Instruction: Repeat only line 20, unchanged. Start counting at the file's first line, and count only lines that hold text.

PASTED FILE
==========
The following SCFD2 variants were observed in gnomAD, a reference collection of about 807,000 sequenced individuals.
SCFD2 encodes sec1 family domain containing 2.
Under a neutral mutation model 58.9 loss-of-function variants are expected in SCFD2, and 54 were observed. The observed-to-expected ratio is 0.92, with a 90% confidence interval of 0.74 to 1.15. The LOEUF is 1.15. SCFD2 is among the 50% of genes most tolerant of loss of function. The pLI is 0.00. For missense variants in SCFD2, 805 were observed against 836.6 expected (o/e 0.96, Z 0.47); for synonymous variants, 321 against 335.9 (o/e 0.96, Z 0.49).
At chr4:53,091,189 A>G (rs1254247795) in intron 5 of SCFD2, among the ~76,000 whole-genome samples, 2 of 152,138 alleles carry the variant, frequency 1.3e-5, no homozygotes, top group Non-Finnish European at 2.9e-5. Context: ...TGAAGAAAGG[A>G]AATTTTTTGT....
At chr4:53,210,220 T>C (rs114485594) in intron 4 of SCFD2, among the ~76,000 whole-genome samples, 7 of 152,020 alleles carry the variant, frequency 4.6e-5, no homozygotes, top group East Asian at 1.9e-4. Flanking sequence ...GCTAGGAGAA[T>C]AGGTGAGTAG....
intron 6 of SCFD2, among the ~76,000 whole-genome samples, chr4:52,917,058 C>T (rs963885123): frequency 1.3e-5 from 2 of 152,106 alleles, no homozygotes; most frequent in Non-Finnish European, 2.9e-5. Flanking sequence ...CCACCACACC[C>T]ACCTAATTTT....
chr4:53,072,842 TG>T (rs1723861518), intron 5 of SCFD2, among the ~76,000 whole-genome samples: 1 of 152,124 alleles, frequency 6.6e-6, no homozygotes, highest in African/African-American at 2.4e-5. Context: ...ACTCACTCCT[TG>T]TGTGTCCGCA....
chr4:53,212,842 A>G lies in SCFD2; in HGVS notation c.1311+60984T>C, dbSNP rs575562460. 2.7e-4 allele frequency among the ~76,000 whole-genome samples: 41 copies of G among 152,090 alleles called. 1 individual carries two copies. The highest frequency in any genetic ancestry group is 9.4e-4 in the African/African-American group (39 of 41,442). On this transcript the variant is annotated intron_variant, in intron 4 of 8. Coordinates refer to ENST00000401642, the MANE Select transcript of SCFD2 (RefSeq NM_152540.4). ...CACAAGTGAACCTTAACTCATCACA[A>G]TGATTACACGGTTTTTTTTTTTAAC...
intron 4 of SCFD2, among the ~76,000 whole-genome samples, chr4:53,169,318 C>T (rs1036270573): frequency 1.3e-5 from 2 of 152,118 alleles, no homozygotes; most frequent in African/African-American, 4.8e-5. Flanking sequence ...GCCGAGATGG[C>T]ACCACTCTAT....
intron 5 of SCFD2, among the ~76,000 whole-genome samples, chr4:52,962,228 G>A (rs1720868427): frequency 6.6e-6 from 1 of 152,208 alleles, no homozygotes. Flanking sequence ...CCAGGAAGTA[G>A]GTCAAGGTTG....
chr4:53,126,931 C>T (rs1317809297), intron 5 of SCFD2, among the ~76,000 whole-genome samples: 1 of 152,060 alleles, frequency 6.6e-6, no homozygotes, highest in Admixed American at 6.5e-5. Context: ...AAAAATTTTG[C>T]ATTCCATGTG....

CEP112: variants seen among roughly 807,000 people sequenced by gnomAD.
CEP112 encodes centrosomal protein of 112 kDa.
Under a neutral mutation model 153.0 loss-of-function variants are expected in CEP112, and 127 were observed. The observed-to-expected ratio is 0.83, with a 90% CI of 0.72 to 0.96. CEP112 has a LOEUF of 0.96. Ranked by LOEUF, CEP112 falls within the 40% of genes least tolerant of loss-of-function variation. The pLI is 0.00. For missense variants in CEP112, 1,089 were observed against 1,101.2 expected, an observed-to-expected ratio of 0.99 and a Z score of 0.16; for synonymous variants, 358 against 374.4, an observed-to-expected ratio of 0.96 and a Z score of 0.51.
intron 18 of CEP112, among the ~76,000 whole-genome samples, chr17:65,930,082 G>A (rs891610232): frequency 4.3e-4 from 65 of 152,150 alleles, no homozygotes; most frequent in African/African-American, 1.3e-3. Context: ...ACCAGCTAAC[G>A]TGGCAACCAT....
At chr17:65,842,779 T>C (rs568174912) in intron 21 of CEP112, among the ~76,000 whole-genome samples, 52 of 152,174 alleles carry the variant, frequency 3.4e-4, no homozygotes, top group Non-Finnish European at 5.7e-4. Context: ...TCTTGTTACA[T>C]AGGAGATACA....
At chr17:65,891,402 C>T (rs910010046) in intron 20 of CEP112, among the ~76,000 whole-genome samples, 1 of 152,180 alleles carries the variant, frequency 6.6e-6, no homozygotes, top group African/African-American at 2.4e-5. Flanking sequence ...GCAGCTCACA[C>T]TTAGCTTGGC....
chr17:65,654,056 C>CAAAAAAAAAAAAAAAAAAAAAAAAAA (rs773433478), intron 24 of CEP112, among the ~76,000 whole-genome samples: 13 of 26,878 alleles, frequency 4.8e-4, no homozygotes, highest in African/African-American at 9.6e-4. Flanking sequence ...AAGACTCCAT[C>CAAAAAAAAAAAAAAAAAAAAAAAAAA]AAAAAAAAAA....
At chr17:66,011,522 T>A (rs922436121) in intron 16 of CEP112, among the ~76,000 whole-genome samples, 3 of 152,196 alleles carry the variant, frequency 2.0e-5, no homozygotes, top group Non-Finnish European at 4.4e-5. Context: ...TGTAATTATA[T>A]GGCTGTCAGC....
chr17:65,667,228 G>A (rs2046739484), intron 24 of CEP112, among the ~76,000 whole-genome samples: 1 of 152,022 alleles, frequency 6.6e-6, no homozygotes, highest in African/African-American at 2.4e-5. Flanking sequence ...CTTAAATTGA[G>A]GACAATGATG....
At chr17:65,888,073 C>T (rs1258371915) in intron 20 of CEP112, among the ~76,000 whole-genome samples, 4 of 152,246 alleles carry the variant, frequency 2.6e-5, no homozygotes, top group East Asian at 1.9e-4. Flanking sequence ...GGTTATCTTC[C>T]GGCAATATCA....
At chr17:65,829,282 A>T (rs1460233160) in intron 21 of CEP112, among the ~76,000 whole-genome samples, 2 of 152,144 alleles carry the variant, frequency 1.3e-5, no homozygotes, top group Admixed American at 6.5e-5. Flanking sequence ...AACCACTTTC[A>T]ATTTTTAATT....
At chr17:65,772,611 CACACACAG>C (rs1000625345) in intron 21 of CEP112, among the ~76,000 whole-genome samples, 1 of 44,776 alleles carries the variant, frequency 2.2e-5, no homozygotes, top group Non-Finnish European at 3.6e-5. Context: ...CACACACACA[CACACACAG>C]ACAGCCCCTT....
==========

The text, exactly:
chr17:65,667,228 G>A (rs2046739484), intron 24 of CEP112, among the ~76,000 whole-genome samples: 1 of 152,022 alleles, frequency 6.6e-6, no homozygotes, highest in African/African-American at 2.4e-5. Flanking sequence ...CTTAAATTGA[G>A]GACAATGATG....